Digging in Deeper: Matthew 6:19

“Do not lay up for yourselves treasures on earth, where moth and rust destroy and where thieves break in and steal,”
– ‭‭Matthew‬ ‭6:19‬‬ (ESV – Read the chapter)

The other day I was making small talk with an acquaintance. Given that we were only a couple of days past Christmas, we asked each other the obligatory, “How was your Christmas?” question. Both of us assured the other that it had been good and that, more importantly, the kids had had fun. We agreed that if the kids were happy, that was a key ingredient to a fun Christmas morning. Then he said something to which I could only respond politely because I didn’t agree. 

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Morning Musing: 1 Corinthians 4:3-4

“But with me it is a very small thing that I should be judged by you or by any human court.  In fact, I do not even judge myself.  For I am not aware of anything against myself, but I am not thereby acquitted.  It is the Lord who judges me.”  (ESV – Read the chapter)

“You can’t judge me!” may be one of the premier slogans of modern, western culture.  A hundred years ago, what the people around you thought mattered a great deal.  In many cultures around the world today this is still the case.  An individual’s identity comes primarily from their social structure.  In modern American culture, we are taught to place a high value on choosing a path that explicitly rejects and even makes a mockery of the social order in which we live.  The bravest souls are the ones who take what’s expected of them and throw it in the trash to be “true to themselves” just like everybody else…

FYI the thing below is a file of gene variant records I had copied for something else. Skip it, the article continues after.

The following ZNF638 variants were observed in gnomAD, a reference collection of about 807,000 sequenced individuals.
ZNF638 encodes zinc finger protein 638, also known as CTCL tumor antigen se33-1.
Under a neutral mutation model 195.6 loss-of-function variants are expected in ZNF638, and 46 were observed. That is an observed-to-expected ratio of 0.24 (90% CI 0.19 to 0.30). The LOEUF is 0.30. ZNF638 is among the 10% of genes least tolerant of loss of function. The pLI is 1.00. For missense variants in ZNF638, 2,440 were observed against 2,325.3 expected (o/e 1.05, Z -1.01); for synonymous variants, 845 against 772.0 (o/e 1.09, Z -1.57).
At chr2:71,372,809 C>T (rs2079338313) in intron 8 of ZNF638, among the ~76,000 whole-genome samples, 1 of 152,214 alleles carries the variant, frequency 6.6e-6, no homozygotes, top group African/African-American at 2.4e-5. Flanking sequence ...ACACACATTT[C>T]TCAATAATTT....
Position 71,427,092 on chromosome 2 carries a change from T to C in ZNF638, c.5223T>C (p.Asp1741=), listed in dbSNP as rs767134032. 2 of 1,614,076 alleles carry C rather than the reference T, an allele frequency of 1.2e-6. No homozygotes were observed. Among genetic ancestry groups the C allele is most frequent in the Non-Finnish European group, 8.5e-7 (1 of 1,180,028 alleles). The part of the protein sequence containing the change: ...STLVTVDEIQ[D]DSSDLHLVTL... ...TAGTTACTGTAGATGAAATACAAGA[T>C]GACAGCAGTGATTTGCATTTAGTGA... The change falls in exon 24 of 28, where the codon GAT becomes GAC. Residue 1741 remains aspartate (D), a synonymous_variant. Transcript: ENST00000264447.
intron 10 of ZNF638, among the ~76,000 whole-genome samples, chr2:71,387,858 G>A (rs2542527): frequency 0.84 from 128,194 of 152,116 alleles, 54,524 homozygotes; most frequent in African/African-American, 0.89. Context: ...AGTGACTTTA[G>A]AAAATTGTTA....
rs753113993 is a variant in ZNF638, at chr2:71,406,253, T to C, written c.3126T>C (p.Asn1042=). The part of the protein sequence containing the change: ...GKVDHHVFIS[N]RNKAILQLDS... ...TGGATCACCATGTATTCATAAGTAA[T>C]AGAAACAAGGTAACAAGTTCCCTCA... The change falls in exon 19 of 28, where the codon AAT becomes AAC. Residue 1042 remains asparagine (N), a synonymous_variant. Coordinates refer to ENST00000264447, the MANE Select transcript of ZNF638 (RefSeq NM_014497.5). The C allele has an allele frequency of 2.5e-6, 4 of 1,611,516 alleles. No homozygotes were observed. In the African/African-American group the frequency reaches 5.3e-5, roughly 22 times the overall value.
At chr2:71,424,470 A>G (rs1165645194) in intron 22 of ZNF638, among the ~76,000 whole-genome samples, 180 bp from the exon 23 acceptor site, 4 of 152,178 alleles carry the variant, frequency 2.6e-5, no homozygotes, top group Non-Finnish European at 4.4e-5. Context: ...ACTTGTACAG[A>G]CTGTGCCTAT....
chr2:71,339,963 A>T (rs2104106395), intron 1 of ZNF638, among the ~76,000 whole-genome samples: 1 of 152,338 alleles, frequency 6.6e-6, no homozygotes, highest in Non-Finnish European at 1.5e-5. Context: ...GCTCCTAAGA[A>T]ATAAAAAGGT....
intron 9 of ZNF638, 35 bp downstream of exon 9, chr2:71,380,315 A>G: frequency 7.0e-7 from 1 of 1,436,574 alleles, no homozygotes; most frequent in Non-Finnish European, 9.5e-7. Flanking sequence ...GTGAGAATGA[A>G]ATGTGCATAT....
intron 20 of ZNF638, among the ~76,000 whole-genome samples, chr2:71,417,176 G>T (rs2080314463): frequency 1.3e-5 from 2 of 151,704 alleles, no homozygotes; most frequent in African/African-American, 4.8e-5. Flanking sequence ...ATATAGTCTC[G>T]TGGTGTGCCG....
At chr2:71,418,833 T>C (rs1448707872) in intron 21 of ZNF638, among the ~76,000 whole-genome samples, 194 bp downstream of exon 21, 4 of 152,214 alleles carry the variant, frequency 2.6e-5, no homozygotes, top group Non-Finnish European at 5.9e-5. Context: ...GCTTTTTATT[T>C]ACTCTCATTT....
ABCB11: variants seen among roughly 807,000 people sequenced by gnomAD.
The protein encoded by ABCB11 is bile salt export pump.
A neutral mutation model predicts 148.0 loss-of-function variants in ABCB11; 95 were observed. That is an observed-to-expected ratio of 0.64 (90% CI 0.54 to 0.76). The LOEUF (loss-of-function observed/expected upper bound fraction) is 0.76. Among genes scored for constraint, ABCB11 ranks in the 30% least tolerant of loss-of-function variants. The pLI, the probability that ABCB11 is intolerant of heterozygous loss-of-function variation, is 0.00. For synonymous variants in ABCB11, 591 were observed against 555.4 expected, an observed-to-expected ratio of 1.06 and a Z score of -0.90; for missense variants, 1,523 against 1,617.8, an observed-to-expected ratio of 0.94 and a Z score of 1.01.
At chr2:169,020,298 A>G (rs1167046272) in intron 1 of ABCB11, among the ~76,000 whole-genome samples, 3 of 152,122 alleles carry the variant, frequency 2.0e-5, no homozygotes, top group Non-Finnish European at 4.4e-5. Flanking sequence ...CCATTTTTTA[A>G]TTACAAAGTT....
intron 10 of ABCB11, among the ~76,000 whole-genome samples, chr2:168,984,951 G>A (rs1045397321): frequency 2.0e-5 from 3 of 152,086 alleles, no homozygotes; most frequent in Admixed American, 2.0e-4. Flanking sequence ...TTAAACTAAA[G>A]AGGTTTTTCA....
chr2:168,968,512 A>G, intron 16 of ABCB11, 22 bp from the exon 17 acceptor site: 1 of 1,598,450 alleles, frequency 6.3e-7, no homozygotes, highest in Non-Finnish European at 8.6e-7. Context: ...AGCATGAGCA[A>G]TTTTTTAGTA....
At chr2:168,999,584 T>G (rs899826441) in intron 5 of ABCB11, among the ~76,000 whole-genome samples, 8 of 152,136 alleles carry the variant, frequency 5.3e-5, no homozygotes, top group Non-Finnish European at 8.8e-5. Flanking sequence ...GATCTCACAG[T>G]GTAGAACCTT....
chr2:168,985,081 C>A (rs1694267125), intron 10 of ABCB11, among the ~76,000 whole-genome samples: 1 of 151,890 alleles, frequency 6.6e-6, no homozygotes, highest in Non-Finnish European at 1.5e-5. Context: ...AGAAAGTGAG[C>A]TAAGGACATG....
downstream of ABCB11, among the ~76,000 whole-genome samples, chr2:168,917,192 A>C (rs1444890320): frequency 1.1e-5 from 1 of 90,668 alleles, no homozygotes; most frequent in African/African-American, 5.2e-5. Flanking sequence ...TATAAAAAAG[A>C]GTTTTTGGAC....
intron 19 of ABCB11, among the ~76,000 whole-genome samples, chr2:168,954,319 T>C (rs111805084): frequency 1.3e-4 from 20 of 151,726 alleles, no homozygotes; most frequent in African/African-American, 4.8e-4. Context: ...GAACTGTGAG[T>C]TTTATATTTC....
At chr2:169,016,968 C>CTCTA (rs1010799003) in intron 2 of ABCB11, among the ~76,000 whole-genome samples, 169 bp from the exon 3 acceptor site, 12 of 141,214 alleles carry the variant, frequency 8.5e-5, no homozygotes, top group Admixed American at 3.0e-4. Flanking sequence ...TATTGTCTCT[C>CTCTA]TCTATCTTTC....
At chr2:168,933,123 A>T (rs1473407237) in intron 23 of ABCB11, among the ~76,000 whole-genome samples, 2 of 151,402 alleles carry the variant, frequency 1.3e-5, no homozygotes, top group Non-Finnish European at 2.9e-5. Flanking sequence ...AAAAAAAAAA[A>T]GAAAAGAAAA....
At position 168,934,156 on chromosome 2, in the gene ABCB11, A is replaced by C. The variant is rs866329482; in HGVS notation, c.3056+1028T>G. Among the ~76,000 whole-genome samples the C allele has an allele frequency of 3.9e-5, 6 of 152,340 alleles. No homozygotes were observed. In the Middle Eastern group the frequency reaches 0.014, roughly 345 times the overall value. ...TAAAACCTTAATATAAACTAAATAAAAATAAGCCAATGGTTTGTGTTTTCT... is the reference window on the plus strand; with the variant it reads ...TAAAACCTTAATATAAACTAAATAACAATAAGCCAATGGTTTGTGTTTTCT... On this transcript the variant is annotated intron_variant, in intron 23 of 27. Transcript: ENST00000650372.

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A Fount of Injustice?

One of the challenges many critics of the church have used to write it off is the fact that we have some skeletons in our closet.  There have been several times in the last 2,000 years when the church got its mission not just wrong, but devastatingly so.  Still, are things really as bad as our critics allege?  A sharper look at history suggests perhaps not.  In this fourth part of our series, Reasons to Believe, we take a look at the church’s supposed dark past and discover that there may be a good deal more light there than most folks might think.  Read on for more.

A Fount of Injustice?

There is a story about the interactions between a powerful institution and a particular scientist from the 17th century that has come to define much about how many people view the church today.  The institution was the Roman Catholic Church.  The scientist was a man named Galileo Galilei.  Galileo, as the story usually goes, by carefully following the scientific method, discovered that the sun does not revolve around the earth as was widely believed in his day.  Instead, the truth is the exact reverse: the earth revolves around the sun.  For espousing this scientific fact which violated not only their false explanations of how the universe worked, but also the theological explanations undergirding them, the Church set out on a campaign to persecute this courageous scientist into silence.  When this didn’t work, Galileo was excommunicated—a social death sentence in that day—and placed under arrest.  He spent the remaining years of his life in prison where he died a martyr for the cause of science. Read the rest…